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Saturday, February 25, 2012
What Garcon developments mean for Colts

By Paul Kuharsky

INDIANAPOLIS — Adam Schefter reported that Indianapolis Colts receiver Pierre Garcon, a free-agent-to-be, passed on a five-year contract offer from the team.

Pierre Garcon
The Colts would like to retain Pierre Garcon, a four-year pro who has played his entire career in Indianapolis.
Not knowing details of the money makes it difficult for us to offer a complete interpretation of what such a development means.

But the nugget of news still tells us a few important things:
Garcon will bring a receiving corps a jolt of speed, and virtually everybody seeking help at the position covets a guy who can stretch the field and impact the way defenses play.

He’s been a streaky player, and his good games and stretches have been very good. But he can put up duds, get mixed up with his quarterback and muff the sort of crucial pass that can change a game.

One thing that can’t be used as a strike against him is that he’s a product of Peyton Manning, since he led the Colts with six touchdown catches as he caught 70 passes for 947 yards with Kerry Collins, Curtis Painter and Dan Orlovsky at quarterback.

I’d rate him as a risk with a big money contract, but also think he’s worth a shot as a No. 2 on the right team with the right offense, the right quarterback and the right No. 1.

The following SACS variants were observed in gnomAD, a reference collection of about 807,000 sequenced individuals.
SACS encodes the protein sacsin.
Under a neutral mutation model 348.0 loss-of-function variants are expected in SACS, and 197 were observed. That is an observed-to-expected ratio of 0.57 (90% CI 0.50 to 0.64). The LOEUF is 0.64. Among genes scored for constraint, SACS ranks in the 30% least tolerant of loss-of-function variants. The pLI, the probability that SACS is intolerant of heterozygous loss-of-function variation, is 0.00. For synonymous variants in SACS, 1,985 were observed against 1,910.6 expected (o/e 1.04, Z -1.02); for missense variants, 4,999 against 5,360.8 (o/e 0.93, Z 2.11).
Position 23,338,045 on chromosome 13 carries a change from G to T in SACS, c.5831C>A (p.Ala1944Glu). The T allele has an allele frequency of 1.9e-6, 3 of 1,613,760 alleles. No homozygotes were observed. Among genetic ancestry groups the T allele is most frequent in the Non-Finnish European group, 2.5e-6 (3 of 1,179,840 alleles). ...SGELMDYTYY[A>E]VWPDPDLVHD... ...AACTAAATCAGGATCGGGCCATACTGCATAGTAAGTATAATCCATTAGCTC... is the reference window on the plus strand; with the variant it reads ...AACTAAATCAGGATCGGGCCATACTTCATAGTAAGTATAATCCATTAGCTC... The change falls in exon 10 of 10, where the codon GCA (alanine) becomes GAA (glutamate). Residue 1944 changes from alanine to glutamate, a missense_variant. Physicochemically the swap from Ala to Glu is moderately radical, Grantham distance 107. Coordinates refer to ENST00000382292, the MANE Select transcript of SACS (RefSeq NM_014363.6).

The Colts need him and could beef up their offer and continue to try to get a deal done before free agency opens March 13. Also, defensive end Robert Mathis is also a franchise-tag candidate. That would cost about $10.05 million. If he hits the market, he’s going to field calls from a ton of teams.

Receiver Reggie Wayne is also heading for free agency. Indianapolis can keep one with a franchise tag of around $9.4 million. Lose both and they’re down to Austin Collie — a very good player who shouldn’t be asked to be a team’s top guy — and Blair White as their wideouts under contract.

Some analysts will be tempted to rate Garcon as having more upside than the aging Wayne as the Colts prepare to draft Andrew Luck. But I’ve been chatting with colleagues about it. That deep threat is nice, but isn’t a guy who will reliably convert third-and-7 more valuable for a young quarterback?